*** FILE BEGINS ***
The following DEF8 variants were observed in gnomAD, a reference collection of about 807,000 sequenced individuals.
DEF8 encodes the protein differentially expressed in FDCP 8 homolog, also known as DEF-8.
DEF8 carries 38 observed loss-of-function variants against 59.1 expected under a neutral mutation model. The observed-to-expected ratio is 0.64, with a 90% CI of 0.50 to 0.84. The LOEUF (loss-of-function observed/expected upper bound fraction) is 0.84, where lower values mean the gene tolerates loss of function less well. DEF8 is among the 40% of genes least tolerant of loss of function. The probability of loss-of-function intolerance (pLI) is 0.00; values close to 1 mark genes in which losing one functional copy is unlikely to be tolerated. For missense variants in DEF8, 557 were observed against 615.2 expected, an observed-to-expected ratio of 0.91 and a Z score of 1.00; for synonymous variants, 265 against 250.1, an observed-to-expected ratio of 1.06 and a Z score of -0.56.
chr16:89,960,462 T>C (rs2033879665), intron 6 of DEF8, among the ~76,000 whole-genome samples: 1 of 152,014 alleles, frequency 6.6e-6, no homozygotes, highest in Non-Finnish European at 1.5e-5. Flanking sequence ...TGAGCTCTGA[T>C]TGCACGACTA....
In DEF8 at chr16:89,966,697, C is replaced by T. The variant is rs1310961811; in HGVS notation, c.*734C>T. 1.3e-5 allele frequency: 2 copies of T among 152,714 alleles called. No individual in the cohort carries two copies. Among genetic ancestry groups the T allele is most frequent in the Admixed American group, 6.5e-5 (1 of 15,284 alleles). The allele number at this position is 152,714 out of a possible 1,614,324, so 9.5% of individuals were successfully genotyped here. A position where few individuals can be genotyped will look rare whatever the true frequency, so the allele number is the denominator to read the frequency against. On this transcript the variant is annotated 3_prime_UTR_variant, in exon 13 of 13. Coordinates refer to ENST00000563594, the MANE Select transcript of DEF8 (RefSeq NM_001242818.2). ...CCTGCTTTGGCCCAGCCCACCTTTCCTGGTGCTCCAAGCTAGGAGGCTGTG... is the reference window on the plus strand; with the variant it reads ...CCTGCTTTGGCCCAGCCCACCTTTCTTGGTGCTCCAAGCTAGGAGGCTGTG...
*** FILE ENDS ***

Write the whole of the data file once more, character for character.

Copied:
The following DEF8 variants were observed in gnomAD, a reference collection of about 807,000 sequenced individuals.
DEF8 encodes the protein differentially expressed in FDCP 8 homolog, also known as DEF-8.
DEF8 carries 38 observed loss-of-function variants against 59.1 expected under a neutral mutation model. The observed-to-expected ratio is 0.64, with a 90% CI of 0.50 to 0.84. The LOEUF (loss-of-function observed/expected upper bound fraction) is 0.84, where lower values mean the gene tolerates loss of function less well. DEF8 is among the 40% of genes least tolerant of loss of function. The probability of loss-of-function intolerance (pLI) is 0.00; values close to 1 mark genes in which losing one functional copy is unlikely to be tolerated. For missense variants in DEF8, 557 were observed against 615.2 expected, an observed-to-expected ratio of 0.91 and a Z score of 1.00; for synonymous variants, 265 against 250.1, an observed-to-expected ratio of 1.06 and a Z score of -0.56.
chr16:89,960,462 T>C (rs2033879665), intron 6 of DEF8, among the ~76,000 whole-genome samples: 1 of 152,014 alleles, frequency 6.6e-6, no homozygotes, highest in Non-Finnish European at 1.5e-5. Flanking sequence ...TGAGCTCTGA[T>C]TGCACGACTA....
In DEF8 at chr16:89,966,697, C is replaced by T. The variant is rs1310961811; in HGVS notation, c.*734C>T. 1.3e-5 allele frequency: 2 copies of T among 152,714 alleles called. No individual in the cohort carries two copies. Among genetic ancestry groups the T allele is most frequent in the Admixed American group, 6.5e-5 (1 of 15,284 alleles). The allele number at this position is 152,714 out of a possible 1,614,324, so 9.5% of individuals were successfully genotyped here. A position where few individuals can be genotyped will look rare whatever the true frequency, so the allele number is the denominator to read the frequency against. On this transcript the variant is annotated 3_prime_UTR_variant, in exon 13 of 13. Coordinates refer to ENST00000563594, the MANE Select transcript of DEF8 (RefSeq NM_001242818.2). ...CCTGCTTTGGCCCAGCCCACCTTTCCTGGTGCTCCAAGCTAGGAGGCTGTG... is the reference window on the plus strand; with the variant it reads ...CCTGCTTTGGCCCAGCCCACCTTTCTTGGTGCTCCAAGCTAGGAGGCTGTG...